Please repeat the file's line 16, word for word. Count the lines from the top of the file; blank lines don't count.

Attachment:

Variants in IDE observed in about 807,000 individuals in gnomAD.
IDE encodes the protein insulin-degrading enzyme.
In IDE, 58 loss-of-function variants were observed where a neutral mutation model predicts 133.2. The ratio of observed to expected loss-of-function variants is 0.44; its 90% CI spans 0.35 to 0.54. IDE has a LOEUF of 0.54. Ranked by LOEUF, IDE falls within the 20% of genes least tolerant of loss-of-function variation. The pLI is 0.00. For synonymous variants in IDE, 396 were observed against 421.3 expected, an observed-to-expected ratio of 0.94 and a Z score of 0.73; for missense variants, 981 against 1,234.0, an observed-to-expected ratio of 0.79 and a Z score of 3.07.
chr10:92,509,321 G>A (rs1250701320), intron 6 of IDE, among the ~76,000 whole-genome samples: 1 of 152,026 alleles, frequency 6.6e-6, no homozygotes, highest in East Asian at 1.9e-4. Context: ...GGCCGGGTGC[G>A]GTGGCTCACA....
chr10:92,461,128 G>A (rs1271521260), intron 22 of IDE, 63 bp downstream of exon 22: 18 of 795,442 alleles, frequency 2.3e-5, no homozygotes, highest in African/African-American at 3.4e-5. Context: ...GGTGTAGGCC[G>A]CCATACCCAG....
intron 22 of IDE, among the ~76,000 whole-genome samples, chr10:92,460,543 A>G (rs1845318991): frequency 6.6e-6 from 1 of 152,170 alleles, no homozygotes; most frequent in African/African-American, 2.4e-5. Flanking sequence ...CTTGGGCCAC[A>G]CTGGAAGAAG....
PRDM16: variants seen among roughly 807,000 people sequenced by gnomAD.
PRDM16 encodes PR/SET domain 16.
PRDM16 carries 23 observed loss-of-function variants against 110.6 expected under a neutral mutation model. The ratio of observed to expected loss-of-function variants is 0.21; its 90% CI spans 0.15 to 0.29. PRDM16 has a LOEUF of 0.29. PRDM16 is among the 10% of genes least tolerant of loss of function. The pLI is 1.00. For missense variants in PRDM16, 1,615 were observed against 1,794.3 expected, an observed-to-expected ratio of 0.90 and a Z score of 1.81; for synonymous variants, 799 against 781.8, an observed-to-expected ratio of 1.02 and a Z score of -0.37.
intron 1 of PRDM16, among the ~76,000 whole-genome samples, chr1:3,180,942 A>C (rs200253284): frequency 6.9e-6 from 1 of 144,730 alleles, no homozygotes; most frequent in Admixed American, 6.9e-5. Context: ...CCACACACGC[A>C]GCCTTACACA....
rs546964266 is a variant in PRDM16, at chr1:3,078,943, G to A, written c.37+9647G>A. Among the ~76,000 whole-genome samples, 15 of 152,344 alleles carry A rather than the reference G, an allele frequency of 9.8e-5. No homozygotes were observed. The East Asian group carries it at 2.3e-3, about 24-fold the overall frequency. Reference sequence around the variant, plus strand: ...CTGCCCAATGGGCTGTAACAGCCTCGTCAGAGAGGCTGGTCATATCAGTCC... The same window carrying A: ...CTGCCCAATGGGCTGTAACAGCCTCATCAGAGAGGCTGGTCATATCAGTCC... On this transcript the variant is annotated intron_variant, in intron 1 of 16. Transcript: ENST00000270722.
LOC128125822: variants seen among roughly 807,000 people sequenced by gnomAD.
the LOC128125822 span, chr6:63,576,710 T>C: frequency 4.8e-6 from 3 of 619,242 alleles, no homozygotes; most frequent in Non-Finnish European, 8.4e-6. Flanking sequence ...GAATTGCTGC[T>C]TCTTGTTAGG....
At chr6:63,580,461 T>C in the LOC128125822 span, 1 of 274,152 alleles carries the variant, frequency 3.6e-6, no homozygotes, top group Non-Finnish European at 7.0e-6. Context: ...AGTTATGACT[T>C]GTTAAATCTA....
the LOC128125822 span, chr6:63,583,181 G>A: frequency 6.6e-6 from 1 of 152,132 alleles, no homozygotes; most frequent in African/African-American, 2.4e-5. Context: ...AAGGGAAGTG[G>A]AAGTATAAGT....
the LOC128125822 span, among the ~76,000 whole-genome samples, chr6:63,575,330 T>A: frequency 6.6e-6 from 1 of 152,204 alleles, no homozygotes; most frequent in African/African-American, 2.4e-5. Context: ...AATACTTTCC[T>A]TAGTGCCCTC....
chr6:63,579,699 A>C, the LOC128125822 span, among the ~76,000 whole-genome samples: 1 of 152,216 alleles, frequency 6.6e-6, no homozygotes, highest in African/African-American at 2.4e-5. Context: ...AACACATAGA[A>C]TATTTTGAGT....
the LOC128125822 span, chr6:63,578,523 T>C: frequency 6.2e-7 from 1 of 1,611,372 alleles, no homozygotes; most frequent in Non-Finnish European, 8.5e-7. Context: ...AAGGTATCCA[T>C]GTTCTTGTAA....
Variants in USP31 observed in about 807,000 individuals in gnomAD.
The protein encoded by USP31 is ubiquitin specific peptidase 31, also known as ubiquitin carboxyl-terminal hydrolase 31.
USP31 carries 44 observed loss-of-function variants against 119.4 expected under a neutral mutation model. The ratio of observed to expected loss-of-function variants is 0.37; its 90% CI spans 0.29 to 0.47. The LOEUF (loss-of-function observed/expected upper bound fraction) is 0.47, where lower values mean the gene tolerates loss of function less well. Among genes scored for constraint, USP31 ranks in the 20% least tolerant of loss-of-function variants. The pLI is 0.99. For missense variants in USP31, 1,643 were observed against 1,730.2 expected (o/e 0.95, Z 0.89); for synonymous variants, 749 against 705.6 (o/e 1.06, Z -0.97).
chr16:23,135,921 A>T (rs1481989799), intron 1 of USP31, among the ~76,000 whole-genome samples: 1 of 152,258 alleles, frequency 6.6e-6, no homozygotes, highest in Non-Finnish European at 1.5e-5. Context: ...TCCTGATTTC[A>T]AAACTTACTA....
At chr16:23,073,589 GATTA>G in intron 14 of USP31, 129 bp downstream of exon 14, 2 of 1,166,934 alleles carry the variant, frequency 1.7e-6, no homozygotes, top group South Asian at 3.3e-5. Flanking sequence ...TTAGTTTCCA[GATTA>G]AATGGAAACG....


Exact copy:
the LOC128125822 span, among the ~76,000 whole-genome samples, chr6:63,575,330 T>A: frequency 6.6e-6 from 1 of 152,204 alleles, no homozygotes; most frequent in African/African-American, 2.4e-5. Context: ...AATACTTTCC[T>A]TAGTGCCCTC....